Free Montana Vehicle Bill of Sale | Form MV24 (PDF)

When selling or purchasing a vehicle in the state of Montana, you will need a Montana bill of sale.

A Montana vehicle bill of sale acts as a legal document recording the sale and will be needed when registering the vehicle.

It can also be used as proof should there be any issues with the sale of the vehicle.


If there are any tickets against the vehicle, the Montana bill of sale can be used as proof of who owned the car at that time. 

In order for a Montana vehicle bill of sale to be valid, it must be signed by both the seller and the buyer. In Montana, you don’t have to have the bill of sale notarized.

For a vehicle that is less than 16,000 lbs. or less than 10 years old, you will need to have Form MV90-A (Odometer Disclosure Statement).

If you are registering a motor vehicle for a third party, you will need to complete Form MV65-15 (Vehicle Power of Attorney).

Free Forms

Free Montana Vehicle Bill of Sale Form 01 for Pdf Format

Free Montana Vehicle Bill of Sale Form 02 for Pdf Format

    Creating a Montana Vehicle Bill of Sale

    For your convenience, you can download a Montana Bill of Sale from the Montana Department of Justice’s website. If you choose to create your own Montana vehicle bill of sale, you will need to make sure these key details are included:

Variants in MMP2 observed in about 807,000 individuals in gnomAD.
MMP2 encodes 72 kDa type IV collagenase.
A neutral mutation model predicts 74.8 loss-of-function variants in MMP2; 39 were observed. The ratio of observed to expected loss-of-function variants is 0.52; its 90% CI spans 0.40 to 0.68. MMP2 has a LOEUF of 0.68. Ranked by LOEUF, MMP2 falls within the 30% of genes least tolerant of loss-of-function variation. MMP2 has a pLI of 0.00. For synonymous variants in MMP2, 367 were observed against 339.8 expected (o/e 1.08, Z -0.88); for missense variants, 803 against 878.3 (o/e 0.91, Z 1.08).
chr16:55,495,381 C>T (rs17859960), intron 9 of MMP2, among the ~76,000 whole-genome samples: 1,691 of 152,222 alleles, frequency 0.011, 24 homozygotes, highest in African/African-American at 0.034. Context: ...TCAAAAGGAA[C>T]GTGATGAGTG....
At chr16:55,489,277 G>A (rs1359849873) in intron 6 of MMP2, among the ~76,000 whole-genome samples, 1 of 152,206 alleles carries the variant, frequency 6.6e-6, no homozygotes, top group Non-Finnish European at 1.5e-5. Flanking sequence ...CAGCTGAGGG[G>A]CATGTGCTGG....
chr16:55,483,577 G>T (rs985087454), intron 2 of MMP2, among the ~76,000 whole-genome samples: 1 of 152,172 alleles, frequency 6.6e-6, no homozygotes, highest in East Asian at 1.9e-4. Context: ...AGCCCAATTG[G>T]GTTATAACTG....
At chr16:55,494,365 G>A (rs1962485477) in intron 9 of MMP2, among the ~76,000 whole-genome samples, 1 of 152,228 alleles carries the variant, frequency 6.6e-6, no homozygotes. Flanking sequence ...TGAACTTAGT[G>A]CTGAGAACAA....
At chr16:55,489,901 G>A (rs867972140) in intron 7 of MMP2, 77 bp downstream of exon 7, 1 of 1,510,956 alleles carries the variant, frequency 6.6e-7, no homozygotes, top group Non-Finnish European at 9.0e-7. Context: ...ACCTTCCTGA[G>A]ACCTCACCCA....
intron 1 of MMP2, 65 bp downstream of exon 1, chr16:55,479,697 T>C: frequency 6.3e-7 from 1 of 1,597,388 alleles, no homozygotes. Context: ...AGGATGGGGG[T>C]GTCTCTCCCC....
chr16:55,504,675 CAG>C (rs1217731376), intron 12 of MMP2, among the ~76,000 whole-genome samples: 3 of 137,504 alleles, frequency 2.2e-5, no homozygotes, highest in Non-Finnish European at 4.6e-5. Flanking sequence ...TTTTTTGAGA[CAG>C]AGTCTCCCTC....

• Legal names of both the seller and the buyer
    • Contact details for both the seller and the buyer
    • Date that the sale took place
    • Amount that the vehicle was sold for
    • Details about the vehicle, which include the make, model, year, VIN, odometer reading, style, and license plate number
    • Signatures of both the seller and the buyer
    • If required, notarization

    Registering a Vehicle in Montana

    As per Montana Code 61-3-311, the buyer has 60 days in which to have their vehicle registered. This is applicable to both Montana residents and those who have recently moved to the state of Montana. You can register your vehicle for either one or two years. Vehicles that are over 11 years are able to have permanent registration. All other vehicles will need to renew their registration every one to two years.

    If you are moving to a different Montana county, you can use your current registration until it is time to renew.

    Registration can be done face to face at your local County Treasurer’s Office, or through the Motor Vehicle Division, online service. 

    Titling and registering a vehicle is handled by the Montana Vehicle Services Bureau. This means you cannot title your vehicle without it being registered, both of which are done simultaneously. The only exception to this rule is pickup campers, which do not need to be registered. 

    Required Documents for Registering and Titling a Vehicle in Montana 

    When registering and titling a motor vehicle in the state of Montana, you will need to have the following documents:

    • A current and valid Montana Driver’s License
    • A completed Montana Bill of Sale (Form MV24), signed by both the buyer and the seller
    • A completed Odometer Disclosure Statement (Form MV90-A)
    • Form MV1-16 (Application for Certificate of Title). If the title has been lost or damaged, a replacement can be applied for at your local County Treasurer’s Office. This can be done using Form MV7